One of the famous proverbs says that not everything that shines is gold. The example of containers of household waste from the South East of England being exported to Indonesia and other such countries to be recycled has just moved the problem to a poorer parts of the world where there are fewer resources to manage the problem as it was reported by BBC Panorama already a few years ago.

Nevertheless, there are many examples when actually reducing negative impact on the environment brought extra revenues to companies as well as helped to create jobs. For example, developing a waste recycling industry. Are there possible extensions to this?

Can domestic waste be better used to generate local electricity supply? Can improvements be made in reducing packing and recycling of plastic waste?

There are many green avenues to be explored, but are we keen enough to do it? In times of austerity what is the appetite for the initial costs of making these changes?

Charlotte Alfonsi writes in opposition to the motion:

As a finalist looking to apply for a job for after graduation, I've been perusing lots of companies' websites in trying to ascertain what I would like to do post-Cambridge. Each firm's page has a different focus: some may push a snazzy video about their work, others are more statistics-based, and a few highlight the fantastic testimonials they've had from their household name clients. Almost all of them have one element in common, however: a section on CSR. Whether it's photos of employees saving turtles on the Galapagos Islands on sabbatical, or an article about pro-bono legal work in an inner-city slum, or a host of promises on reducing carbon emissions, every firm seems to want to prove how very ethical it is. Of course, with all the current fears surrounding climate change and global warming, the green agenda is at the top of the priority list in showing corporate social responsibility.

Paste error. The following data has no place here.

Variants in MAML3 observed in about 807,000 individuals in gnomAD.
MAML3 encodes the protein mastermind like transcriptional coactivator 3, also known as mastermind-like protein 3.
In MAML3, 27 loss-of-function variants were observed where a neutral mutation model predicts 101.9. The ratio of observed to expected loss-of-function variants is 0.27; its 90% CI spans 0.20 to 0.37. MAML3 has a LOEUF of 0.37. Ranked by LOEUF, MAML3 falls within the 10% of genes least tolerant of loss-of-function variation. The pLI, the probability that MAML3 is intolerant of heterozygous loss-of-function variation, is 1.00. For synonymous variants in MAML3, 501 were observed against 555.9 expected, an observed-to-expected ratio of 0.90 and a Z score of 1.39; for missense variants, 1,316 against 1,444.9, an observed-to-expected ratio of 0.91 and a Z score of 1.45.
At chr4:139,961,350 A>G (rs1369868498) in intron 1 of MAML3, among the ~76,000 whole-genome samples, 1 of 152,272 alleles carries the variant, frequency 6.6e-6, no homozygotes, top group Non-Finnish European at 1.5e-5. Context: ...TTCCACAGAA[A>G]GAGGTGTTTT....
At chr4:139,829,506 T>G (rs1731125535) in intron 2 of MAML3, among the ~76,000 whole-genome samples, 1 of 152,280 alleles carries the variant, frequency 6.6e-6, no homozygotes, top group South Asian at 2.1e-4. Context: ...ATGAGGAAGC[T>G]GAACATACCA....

To put it frankly: this is nonsense. As a follower of Friedman, I would argue that a company's sole purpose should be to maximise its returns for its shareholders. Whether a firm is "socially responsible" or not is therefore of no consequence whatsoever. Although companies should clearly follow the laws of the countries in which they operate, beyond this they have no other obligation to society. So beyond any government legislation concerning the green agenda, firms have no reason to concern themselves with the environment whatsoever. Their only job should be to make sure that their shareholders receive the highest possible returns.

Indeed, corporate social responsibility is not compatible with the very nature and purpose of business. It is an obstacle to free trade, which, contrary to what some might say, has in itself created positive social effects through the economic growth brought about by enterprise. Where the free market has been allowed to flourish, there have been major improvements in health, longevity and infant mortality.

While I agree that as individuals in society, people have an obligation to be socially responsible, which includes respecting and protecting the environment and our planet, the green agenda is not something which companies should care about. I would therefore argue that instead of too few companies committing themselves to the green agenda, there are rather too many!